Again, you will benefit greatly if you’ve got a number of carefully prepared and varied templates on your hand to respond to any specific issue or question raised. Be diplomatic in how you answer to negativity, and defuse hostility with honesty and acknowledgment of the user’s feedback. We, as humans, build connections through an understanding of each other.
If the issue relayed is something you have plans on working on - such as a bug, a feature request, or anything else temporary - put it to work. If it’s a long-term issue, let the user know that you’re working on it. If you can roll out the changes in a reasonable amount of time - let the user know as soon as it's live. Don’t delay too much with your response, however - show the user that you’re there and that you’re in it with them.
With haste. When a user is engaging in a conversation with you, it’s time to strike the iron. Don’t delay with your answers, because at this point, you have every chance to convert a hater into a fan, a negative review into a positive one.
These reviews usually harbor less negativity. The right approach is to simply acknowledge the user’s desire to see your product get better and let them know you will have this feature eventually - if it’s planned. Don’t state ETAs unless you’re 100% sure you can deliver on time. Building hype and failing to deliver is a recipe for disaster.
If the review is in violation of the given app store’s policies, don’t respond to the review. There’s no point in trying to kickstart a conversation with someone who’s cursing at you or face-rolled the keyboard a few times just for the sake of it.
Report it instead.
Every app store has basic functionality in place that can help you report inappropriate reviews. As another step further, you can automate the process of removing negative reviews entirely with AppFollow’s help.
To do that, your marketing, product, and support team and activities must reach unity.
The incoming feedback from your users should be heard. In this article, you have learned how to categorize user feedback, draw conclusions from it and how to respond. With this knowledge, you can fix common issues and prevent certain cases (and negative reviews) from happening.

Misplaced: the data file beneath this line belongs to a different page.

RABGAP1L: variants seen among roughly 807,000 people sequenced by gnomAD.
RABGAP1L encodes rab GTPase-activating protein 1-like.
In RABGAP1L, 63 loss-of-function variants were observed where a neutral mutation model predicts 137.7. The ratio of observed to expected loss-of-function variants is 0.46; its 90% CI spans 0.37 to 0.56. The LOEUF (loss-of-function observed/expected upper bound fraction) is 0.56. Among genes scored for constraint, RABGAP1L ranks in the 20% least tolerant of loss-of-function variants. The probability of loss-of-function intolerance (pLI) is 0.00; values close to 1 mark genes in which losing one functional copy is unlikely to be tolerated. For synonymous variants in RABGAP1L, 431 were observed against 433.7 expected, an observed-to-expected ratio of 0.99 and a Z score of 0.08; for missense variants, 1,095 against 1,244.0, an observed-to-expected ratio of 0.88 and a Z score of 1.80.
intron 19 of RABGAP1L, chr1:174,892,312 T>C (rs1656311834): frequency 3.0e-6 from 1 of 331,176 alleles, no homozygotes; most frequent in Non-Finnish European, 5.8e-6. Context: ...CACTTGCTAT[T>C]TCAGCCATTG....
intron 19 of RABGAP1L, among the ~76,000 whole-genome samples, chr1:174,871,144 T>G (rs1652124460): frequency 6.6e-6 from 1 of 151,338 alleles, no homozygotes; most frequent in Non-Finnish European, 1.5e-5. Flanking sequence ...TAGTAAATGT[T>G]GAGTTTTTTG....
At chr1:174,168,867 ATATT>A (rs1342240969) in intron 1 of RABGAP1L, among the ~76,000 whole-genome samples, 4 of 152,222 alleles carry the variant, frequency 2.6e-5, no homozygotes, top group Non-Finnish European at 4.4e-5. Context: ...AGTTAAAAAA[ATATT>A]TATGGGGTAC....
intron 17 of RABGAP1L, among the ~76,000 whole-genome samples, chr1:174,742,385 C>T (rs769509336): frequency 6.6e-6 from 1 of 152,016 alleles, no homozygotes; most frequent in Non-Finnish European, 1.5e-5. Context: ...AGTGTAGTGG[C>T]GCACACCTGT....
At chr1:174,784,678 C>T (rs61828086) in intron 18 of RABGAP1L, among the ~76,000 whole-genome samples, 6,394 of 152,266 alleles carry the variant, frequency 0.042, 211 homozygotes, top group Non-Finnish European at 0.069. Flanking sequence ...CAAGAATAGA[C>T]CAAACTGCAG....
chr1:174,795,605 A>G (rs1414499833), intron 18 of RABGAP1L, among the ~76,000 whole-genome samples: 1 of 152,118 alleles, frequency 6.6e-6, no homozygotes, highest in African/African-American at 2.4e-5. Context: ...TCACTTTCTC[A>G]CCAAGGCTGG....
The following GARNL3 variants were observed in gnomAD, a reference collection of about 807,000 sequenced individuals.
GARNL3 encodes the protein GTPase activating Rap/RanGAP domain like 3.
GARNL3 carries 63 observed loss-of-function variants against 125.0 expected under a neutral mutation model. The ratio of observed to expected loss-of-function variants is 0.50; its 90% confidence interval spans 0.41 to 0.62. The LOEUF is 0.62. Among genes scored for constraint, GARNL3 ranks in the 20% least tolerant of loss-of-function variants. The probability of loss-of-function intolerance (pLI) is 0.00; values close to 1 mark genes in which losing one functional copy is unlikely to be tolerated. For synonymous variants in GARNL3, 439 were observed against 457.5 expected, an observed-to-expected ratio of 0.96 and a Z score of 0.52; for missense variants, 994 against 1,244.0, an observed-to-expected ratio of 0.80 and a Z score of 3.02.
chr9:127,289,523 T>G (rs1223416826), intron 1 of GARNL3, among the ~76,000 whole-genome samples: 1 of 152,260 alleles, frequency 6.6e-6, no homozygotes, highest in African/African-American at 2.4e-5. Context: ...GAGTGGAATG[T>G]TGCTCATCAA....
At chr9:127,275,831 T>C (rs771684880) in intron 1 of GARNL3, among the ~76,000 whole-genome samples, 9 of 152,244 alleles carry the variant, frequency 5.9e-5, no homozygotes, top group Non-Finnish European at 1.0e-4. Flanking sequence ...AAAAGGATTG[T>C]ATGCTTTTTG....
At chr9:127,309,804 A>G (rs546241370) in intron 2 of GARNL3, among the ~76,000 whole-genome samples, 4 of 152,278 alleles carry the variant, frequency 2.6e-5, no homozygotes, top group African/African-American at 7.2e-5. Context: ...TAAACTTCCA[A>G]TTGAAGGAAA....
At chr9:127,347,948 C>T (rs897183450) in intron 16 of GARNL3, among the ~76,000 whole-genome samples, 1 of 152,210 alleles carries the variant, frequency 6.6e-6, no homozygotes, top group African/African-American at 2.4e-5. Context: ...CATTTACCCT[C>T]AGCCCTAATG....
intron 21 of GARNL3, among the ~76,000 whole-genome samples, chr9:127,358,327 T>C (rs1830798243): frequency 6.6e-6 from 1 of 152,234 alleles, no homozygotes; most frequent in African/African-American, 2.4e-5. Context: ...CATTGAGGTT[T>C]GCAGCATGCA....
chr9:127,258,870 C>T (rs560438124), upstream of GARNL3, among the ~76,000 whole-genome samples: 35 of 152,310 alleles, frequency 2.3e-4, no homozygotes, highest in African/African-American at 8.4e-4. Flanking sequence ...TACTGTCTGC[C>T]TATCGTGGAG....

At the same time, some people just want to watch the world burn. They will attempt to do in your review section, and thankfully, you can report these reviews and have them removed. Automate this process for even better results.
Finally, center the development of your around the user’s needs. Analytics and user reviews can help you understand the direction you should be taking. However, do not abandon your vision. You can’t cater to everyone.
Work with positive reviews as much as you do with negative reviews - do not let these become negative. Again, make full use of automation to gain an upper hand - tag reviews by topic, answer to reviews automatically, report inappropriate reviews automatically based on certain rules.
The star rating makes or breaks your app, no matter how good it actually is. Working with negative reviews (and ensuring you get fewer negative reviews) is crucial to the commercial success of your app.
The negative reviews are a fantastic source of product feedback, and even though it might be difficult to answer negativity all the time (indeed - it rubs off on you), the results can be otherwise fantastic. Never forget: communication is key.